My favorite Madeira memory was hearing my name called for the red team during RAW sorting. I remember feeling an overwhelming sense of sisterhood and encouragement while running through the parade of fellow red team snails.
Madeira changed my life because I found my voice with the support of an amazing sisterhood. I was launched into the working world early through the co-curriculum program, ready to tackle any challenge and continue discovering myself.
I smile thinking back to the fun times I shared with friends in the Skills Center and while we worked hard, we also had a lot of laughs and snacks! As an athlete, some of my favorite days were laughing at pasta parties or long bus rides with my cross country and swim teammates.
My favorite Madeira memory is just spending time with friends outside on nice days enjoying Madeira’s beautiful campus. I especially enjoyed a quiet afternoon sitting behind the C/A watching the sun light change the colors of the leaves and the occasional kayaker floating down the river.
Co-Curriculum gave me the opportunity to not only intern on Capitol Hill during the anthrax scare and attend Enron congressional hearings, but also helped me land an internship at NASA senior year where we worked alongside senior scientists and engineers on a project optimizing gunshot residue detection. It was at Madeira where I discovered my knack and love for biology while performing paper chromatography experiments.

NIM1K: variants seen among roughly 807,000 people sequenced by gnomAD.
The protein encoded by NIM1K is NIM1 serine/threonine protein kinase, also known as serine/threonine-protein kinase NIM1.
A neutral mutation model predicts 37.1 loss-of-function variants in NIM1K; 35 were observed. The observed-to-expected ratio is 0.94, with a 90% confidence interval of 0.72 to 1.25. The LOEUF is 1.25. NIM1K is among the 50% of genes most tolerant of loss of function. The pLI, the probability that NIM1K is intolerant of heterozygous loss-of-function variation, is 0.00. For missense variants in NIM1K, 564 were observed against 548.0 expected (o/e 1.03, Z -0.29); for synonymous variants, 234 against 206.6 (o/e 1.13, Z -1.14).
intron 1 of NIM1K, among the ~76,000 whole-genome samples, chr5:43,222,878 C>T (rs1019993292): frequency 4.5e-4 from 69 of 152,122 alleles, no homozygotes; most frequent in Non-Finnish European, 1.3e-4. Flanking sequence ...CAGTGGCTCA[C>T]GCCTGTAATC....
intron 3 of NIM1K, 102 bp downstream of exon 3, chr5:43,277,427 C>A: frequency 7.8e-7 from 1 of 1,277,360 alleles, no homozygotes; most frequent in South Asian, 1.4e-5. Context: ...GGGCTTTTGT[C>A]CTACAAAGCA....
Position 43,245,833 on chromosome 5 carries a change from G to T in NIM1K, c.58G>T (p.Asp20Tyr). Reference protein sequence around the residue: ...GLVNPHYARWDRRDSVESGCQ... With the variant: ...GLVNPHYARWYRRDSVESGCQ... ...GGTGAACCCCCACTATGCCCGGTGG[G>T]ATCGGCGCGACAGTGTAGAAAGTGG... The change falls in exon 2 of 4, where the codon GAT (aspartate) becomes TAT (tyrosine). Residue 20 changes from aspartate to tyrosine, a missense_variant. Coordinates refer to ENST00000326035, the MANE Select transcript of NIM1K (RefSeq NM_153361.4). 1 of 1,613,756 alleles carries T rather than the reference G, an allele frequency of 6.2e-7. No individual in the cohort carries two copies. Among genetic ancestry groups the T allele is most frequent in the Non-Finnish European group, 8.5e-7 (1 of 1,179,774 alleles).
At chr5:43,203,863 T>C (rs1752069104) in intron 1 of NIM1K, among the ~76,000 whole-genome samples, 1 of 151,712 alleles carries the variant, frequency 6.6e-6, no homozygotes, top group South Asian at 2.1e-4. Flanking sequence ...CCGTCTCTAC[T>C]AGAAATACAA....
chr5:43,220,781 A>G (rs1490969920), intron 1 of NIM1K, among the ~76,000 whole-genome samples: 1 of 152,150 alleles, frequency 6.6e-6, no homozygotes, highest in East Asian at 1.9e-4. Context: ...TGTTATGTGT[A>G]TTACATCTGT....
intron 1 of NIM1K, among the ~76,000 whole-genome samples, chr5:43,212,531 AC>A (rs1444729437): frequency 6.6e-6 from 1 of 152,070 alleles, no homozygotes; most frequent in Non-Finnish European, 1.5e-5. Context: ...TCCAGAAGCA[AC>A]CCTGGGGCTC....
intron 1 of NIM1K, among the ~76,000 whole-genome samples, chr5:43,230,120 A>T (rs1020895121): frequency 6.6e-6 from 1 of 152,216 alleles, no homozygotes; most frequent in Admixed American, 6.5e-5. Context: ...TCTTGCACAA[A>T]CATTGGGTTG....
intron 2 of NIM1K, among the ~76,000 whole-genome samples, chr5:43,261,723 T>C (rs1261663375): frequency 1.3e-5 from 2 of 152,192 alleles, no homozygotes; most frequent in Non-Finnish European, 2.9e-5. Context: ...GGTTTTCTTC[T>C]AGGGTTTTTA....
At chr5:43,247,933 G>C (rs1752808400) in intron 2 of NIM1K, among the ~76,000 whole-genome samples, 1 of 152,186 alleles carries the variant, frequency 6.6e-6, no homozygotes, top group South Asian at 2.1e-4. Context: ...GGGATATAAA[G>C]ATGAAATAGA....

I lived in Main dorm for two years and there was such magic studying in Wing Library under Ms. Madeira’s portrait, or in Main Living Room, curled up on one of the couches. It was the place we left behind girlhood and became women. Strong, compassionate, boisterous women.
While I have memories of strawberries and cream on the oval and the 13 roses, my most poignant memories are of times since Madeira – meeting at each other’s homes, weddings, reunions – these friendships still shape my life!
How to choose? Sitting in Main living room talking with dear friend Nerissa Nields? Backstage excitement with my music and theater pals? Or my mom, Beth Vanderstar, ’52 and then-Board Chair, proudly handing me my diploma at graduation?
Madeira became my home away from home. The friends I made here are still my closest and dearest. They are my family. Almost every job I’ve held, has been through a Madeira connection. I can say without a doubt, that Madeira Made All the Difference for me.
Junior year I was working for Senator Scoop Jackson from my home state of Washington. I’ll never forget listening to conversations about shaping policy, usually having to do with defense, and the thrill of walking the halls of the Russell Senate building and crossing paths with senators and their aides.
On a lovely spring evening, someone stuck their hi-fi speakers out a window (that’s hi-fi, not wifi), and a bunch of us had a burst of energy, line-dancing to Zorba the Greek all the way along the Oval.